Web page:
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15 of 16 people found the following review helpful By Alexander Flynn on November 2, 2006
Format: DVD
Gantz is a tense, emotion wringing story with a lot of blood and a side portion of sex. Unless you are very tolerant of hardship, blood and sex this isn't for young children. Parents won't want their children to watch these episodes until they are 18, teenagers will love watching the show when they are 15 and perhaps even a bit younger and will miraculously be totally unharmed except being exposed to a couple of interesting ideas.

Ideas (certainly not comprehensive):

1) What happens after you die could be Heaven or Hell, could be nothing, or it could be something else entirely that no one has considered before

2) Young men tend to be more horny than have sense. (Amazing how for some reason this just isn't projected most times there are teenagers around)

3) Materialist idea of 'you' or 'I'. It appears that almost all of the characters in the show are 'captured' at the time of their death and recorded and transported to Gantz. This either implies that the soul is recordable and recreatable or that the soul is unnecessary in the recreation of a person.

4) The weaponry appears to be fairly original.

Kei Kurono is certainly the most interesting character in the series. He can be annoying and is certainly obsessed with sex, but I think that merely makes him a relatively accurrate depiction of a teenage male.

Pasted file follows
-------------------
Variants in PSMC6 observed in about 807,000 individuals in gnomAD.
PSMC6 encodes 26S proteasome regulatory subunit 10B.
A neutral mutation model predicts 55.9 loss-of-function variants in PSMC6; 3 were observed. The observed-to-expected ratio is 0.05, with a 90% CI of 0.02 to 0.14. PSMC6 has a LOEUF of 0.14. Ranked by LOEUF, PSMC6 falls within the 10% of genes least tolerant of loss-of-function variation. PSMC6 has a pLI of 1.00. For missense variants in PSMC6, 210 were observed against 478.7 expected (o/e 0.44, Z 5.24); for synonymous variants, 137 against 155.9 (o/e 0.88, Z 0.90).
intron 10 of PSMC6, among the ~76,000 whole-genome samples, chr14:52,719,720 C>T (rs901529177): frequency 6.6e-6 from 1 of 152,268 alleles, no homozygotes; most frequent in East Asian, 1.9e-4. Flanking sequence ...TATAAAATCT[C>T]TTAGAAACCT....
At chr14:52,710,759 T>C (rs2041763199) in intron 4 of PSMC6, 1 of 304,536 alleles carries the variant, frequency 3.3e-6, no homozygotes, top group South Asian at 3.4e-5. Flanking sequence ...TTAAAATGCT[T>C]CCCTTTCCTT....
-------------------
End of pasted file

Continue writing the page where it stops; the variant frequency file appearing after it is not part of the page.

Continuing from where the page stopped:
One of the key points in this very violent series is that violence is real and although the activities in the Gantz games are certainly violent, you can't get away from violence even in a place that should be safe like home. This is demonstrated by Kato's little brother being beaten by their Aunt that is taking care of them because their parents are dead.
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8 of 9 people found the following review helpful By Antonio D. Paolucci on June 4, 2006
Format: DVD
GANTZ is a strange mix of an anime. It's probably the bloodiest, most disturbing anime out outside of some unmentionable hentai titles. It presents itself as something that will gross you out if it needs to and never goes away from its unflinching look at violence in today's world. Yet on the opposing end, it has a touching story of learning how to band together as a group, and of how one boy must find himself again if he wants to save those dear to him.

In this season, it follows a young, irresponsible, pervert of a kid named Kei as he faces death and then GANTZ, the robotic ball that takes charge of the lives of anyone who just so happens to die in its watch. Kei, along with his childhood friend Kato and a somewhat confused young girl named Kishimoto, now finds himself the agent of GANTZ, who charges them, along with any other victim that finds his or her way into the room where GANTZ resides, to hunt down and kill aliens in the city. What follows is a short series of shockingly violent deaths and intense battles for survival. None of the survivors come away normal because of this; yet normal is what they must become, as when GANTZ is through with them the survivors are sent back to live their lives again in wait of the next call from the black ball. Kei must face all the same things, such as school life and basic, everyday tasks, while also finding himself obscenely attached to his fellow GANTZ gamer, Kishimoto. Kato finds himself struggling with the violence of GANTZ. And Kishimoto finds herself alone in a world that has forgotten her. The stark contrast between the violent games of GANTZ and the emotional new lives the characters must live is what makes this series as brilliant as it is.